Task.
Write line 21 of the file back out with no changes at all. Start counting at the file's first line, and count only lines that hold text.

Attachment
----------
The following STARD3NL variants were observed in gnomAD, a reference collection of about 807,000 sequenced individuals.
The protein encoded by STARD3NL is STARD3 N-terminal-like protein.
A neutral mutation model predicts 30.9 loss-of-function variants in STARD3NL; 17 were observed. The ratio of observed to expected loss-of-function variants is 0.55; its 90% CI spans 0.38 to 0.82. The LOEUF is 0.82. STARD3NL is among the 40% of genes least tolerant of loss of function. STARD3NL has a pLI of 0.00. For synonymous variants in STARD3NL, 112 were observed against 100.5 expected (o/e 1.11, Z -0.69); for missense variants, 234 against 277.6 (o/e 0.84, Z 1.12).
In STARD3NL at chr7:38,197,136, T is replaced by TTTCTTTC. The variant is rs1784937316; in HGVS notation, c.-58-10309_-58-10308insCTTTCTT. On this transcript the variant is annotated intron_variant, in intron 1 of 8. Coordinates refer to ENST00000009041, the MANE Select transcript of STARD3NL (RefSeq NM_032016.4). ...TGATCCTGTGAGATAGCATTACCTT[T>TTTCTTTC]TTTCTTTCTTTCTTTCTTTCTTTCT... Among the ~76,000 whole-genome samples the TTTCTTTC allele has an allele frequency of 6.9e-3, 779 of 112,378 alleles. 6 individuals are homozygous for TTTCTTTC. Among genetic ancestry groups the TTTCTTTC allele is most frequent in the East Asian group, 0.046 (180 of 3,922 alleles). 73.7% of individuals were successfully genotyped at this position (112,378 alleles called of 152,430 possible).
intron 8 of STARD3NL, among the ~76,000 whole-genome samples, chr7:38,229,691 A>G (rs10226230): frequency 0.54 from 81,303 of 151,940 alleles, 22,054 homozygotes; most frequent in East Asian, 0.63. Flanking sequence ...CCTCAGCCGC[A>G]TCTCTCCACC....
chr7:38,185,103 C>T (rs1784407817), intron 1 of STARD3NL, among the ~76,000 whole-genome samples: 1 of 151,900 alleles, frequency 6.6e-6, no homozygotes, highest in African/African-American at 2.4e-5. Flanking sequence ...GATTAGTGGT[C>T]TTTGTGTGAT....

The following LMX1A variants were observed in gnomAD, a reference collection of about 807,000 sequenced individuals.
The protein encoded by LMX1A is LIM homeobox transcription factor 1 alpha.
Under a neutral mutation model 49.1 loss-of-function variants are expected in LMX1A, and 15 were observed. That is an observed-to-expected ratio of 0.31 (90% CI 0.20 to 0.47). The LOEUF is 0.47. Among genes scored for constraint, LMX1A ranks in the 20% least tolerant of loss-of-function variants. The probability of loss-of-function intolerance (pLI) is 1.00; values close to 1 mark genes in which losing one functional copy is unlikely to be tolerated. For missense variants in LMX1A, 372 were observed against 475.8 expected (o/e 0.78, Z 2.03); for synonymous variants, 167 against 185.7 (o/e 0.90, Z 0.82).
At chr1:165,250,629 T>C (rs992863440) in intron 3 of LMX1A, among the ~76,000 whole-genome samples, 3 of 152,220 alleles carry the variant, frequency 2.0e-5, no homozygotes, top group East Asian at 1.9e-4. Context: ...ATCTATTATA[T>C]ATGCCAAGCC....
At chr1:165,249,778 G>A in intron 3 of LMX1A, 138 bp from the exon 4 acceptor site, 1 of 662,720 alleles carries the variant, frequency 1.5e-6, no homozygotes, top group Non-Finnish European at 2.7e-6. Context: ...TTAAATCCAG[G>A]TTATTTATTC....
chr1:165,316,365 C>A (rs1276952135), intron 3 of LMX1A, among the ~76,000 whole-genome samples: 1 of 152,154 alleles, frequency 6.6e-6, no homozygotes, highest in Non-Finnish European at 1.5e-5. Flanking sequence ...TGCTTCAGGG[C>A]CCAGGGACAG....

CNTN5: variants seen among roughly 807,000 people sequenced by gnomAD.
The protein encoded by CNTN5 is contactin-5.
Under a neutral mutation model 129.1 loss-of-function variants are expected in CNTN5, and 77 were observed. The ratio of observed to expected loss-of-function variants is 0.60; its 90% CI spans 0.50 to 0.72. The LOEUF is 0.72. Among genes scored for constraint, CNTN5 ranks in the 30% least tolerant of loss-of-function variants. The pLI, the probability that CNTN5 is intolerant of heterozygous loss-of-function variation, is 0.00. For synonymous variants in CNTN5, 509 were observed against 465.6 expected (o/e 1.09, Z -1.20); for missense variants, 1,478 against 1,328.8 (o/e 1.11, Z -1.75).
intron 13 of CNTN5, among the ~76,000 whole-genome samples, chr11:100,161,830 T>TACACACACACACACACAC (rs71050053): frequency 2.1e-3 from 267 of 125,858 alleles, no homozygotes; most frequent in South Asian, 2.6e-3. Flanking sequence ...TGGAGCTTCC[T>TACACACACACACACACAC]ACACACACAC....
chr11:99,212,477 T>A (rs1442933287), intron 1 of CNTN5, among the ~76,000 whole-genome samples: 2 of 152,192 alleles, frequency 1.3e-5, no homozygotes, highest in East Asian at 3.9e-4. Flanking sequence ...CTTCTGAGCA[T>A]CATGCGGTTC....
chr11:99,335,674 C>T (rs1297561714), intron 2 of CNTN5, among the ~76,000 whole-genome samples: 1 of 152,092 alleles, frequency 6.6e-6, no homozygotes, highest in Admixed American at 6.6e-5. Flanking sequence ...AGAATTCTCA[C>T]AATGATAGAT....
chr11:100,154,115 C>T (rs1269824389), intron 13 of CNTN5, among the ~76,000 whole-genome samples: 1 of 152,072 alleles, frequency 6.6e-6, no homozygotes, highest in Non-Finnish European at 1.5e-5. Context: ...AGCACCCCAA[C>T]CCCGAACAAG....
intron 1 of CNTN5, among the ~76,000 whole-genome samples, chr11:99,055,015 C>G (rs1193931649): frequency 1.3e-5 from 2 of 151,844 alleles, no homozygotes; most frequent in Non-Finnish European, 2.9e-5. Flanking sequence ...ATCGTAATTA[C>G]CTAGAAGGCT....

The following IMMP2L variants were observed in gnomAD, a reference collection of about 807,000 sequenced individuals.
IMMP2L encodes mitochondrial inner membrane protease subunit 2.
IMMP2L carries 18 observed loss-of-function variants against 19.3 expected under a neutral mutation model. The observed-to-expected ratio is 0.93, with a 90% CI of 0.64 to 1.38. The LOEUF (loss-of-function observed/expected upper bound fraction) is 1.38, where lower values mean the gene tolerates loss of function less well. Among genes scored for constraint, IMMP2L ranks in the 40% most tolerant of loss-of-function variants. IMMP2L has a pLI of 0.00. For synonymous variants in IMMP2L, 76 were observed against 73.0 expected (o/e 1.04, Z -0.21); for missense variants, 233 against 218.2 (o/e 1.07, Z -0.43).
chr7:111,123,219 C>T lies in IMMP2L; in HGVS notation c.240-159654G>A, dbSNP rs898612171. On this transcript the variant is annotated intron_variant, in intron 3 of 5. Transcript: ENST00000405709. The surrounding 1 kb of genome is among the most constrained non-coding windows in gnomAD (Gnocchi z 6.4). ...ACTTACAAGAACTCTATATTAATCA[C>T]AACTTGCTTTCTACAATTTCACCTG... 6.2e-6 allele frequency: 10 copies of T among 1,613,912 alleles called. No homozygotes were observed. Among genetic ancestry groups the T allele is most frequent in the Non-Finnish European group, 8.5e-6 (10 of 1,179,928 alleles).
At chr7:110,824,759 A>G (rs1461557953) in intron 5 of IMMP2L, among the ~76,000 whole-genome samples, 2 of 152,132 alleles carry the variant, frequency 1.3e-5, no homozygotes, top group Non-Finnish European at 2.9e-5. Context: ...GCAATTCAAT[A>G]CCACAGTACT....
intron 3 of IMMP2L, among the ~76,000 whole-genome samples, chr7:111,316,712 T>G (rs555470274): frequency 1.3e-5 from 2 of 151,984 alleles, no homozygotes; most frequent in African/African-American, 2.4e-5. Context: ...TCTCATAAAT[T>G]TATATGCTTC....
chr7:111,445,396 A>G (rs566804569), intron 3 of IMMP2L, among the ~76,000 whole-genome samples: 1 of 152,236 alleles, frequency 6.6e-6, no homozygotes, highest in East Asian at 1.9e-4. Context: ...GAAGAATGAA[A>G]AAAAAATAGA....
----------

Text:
The following IMMP2L variants were observed in gnomAD, a reference collection of about 807,000 sequenced individuals.